Moments of Excess/Access: Purple Hair

I heard the gasps of surprise before my video connected on my end. I knew that the people in the meeting could see me. The green light of my laptop camera shined. In those few seconds delay as I entered the Zoom room, I set my face and held my head still. My hair proceeded me into the digital space.

Purple.

I’ve temporarily dyed my hair purple, and I knew it was going to be a thing.

Blurred photo of me and my purple hair.

I did it on purpose.

I wanted to change my hair.

And I KNEW

IT
WAS

GOING

TO

BE

A

THING….

Not because people don’t have purple hair.

Not because I haven’t seen other college professors with purple hair.

Not because the purple I’ve chosen is so outrageous or striking as never to have been seen before by the well-traveled folks I’ve encountered today.

No — I knew that my hair would be a thing because, well, my hair is always a thing.

I’ve got stories upon stories. My hair is frequently the subject of sidebar speculation and outright inquiry, whether it is straight or in its naturally curly state. I get questions and looks and off-hand comments if my hair is in a bun or twists. And just last week, I showed up to my Zoom square with wet, freshly washed hair, and it took up 5 minutes of the meeting.

What had I done?

Showered too close to the meeting time.

Zoom, with its unblinking eye, seems to have created new possibilities of unabashed scrutiny. My students. My colleagues. The bosses. The collaborators and detractors can all stare at each other without any of the social prohibitions of long looks.

This moment has increased everyone’s audacity. Students lay in bed during class, or, a favorite of mine, walk around with the rest of the class at arm’s length like they’re vlogging on YouTube. Stodgy profs, once known for their rectitude, cook dinner during the guest speaker, and administrators let their pet ferret lounge on their shoulders during the meetings.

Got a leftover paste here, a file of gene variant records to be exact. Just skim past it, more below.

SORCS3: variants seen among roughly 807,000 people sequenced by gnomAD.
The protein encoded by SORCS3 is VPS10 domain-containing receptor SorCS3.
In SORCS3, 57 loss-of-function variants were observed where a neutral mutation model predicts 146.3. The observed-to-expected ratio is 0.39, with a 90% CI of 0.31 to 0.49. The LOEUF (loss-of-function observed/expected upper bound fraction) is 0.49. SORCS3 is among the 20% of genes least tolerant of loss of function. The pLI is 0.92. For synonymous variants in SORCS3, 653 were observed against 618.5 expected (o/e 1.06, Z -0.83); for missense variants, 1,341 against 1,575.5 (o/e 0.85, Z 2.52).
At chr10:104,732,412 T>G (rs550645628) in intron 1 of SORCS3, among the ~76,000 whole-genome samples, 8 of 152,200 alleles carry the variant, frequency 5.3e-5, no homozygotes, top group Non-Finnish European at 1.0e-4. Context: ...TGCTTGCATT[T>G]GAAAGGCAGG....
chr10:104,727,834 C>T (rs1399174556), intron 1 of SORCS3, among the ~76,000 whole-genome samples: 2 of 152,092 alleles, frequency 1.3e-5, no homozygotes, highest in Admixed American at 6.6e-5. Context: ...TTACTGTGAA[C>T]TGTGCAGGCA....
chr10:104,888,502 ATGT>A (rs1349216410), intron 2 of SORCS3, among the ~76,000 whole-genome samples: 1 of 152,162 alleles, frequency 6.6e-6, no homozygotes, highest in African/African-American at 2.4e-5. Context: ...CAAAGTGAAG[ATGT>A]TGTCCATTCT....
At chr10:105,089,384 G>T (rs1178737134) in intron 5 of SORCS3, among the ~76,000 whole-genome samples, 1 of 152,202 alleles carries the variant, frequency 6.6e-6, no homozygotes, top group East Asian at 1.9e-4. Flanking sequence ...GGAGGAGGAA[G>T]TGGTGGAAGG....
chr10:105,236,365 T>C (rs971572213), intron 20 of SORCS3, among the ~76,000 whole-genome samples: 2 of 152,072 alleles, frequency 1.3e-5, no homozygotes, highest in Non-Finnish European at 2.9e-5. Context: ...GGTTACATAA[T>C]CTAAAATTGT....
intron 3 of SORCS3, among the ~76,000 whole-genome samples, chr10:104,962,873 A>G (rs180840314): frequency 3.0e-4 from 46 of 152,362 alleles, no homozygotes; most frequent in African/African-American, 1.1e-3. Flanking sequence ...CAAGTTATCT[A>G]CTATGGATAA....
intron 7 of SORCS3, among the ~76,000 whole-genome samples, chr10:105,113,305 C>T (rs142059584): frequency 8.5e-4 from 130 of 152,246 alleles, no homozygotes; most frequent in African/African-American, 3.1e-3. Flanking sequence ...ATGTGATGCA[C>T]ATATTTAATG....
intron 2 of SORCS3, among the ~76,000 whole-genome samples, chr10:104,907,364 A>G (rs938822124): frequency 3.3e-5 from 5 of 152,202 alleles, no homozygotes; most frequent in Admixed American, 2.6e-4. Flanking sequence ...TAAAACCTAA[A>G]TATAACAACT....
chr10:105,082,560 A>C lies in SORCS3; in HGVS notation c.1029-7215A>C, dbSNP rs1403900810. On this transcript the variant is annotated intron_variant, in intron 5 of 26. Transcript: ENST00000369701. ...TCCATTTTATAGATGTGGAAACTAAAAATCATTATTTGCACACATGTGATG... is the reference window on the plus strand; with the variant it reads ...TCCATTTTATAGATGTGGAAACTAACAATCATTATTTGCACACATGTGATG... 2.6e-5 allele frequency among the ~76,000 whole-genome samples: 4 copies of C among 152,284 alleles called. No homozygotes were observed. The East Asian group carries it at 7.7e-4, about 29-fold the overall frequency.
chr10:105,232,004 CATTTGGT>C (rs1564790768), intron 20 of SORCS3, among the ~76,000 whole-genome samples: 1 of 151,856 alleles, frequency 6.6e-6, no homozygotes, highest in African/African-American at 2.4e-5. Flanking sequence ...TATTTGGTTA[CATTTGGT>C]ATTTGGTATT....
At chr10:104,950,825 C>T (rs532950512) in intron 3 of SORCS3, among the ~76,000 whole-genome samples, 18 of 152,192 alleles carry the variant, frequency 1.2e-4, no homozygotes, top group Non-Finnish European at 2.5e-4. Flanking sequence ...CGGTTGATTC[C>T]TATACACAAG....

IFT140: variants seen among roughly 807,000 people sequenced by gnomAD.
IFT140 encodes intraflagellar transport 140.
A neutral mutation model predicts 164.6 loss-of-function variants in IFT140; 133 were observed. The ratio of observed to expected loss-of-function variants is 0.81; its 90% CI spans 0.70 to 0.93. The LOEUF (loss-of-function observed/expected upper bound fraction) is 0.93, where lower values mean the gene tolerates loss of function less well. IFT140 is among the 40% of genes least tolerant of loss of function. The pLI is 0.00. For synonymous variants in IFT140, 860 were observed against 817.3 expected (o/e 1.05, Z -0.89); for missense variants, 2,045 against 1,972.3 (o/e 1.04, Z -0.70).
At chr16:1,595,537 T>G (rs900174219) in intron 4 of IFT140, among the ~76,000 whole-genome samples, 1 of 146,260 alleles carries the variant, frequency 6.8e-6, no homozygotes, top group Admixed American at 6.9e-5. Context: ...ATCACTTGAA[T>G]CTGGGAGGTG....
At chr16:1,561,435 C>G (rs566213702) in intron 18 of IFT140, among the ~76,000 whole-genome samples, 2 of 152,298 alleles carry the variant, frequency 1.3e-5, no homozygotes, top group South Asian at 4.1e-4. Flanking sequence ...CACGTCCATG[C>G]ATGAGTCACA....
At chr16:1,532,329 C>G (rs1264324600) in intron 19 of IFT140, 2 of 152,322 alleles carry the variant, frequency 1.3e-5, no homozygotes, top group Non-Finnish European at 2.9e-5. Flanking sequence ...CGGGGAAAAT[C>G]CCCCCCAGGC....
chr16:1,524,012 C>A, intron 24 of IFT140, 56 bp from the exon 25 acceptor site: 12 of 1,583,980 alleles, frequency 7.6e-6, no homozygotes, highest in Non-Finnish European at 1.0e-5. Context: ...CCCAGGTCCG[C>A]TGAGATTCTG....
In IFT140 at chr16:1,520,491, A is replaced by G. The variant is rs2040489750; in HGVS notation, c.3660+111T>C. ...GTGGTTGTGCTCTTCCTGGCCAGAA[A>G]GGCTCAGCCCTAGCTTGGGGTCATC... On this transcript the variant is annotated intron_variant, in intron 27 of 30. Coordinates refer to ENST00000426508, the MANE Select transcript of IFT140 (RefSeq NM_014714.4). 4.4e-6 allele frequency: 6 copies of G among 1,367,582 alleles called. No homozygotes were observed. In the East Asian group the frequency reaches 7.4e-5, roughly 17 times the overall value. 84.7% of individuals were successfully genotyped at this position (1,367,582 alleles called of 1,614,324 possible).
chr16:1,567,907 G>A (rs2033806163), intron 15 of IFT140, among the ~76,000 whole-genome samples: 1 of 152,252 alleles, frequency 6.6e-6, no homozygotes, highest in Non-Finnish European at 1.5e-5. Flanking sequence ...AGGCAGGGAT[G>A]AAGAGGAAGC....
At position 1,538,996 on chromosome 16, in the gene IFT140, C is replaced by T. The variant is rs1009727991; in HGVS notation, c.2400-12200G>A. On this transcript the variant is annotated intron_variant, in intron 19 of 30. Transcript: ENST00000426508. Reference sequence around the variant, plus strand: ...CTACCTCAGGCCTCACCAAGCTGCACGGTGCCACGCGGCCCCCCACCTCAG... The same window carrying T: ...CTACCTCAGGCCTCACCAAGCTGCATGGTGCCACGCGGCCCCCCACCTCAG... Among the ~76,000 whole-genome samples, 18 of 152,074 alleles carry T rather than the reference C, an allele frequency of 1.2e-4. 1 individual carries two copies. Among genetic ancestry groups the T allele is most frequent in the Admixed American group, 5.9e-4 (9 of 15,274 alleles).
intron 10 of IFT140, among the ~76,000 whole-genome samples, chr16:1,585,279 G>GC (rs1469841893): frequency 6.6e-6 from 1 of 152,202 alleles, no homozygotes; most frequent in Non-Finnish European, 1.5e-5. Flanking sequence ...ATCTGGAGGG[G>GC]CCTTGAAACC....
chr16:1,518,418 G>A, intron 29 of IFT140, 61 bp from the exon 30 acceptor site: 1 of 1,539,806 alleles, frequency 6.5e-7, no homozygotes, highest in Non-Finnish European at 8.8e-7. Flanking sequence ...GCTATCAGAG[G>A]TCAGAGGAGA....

And we all stare at each other.

And if you are me, you might have noticed more folks say the things about your appearance they had formerly kept to themselves or saved for when they cornered you at the function and spilled their thoughts about your “wonderfully strange” hair out in a rush of breathy confession.

In the world of Black women with natural hair, I am not unique, and my hair is not particularly interesting — though I like to think I style it well.

But in academia, especially in the circles I navigate, I am an odd sight.

Highly visible.

A different colored — yes, like brown and black are colors and like old words with fraught pasts are words for folks with my skin tone — a different colored face in the perfect patchwork of Brady Bunch goes to College squares.

I am not a blonde or brunette — though I guess I could choose one. My folks sometimes do.

My hair is

Black -

even when it is purple.

Big, expressive, versatile.

Black hair.

(now striped with shock white greys)

I used to be worried about how I would be seen. Is my hair too big? A distraction?

I spent years trying to figure out what professional meant for me as a Black woman who had no interest in chemically treating my hair. Years unlearning all the good advice I’d gotten about being presentable.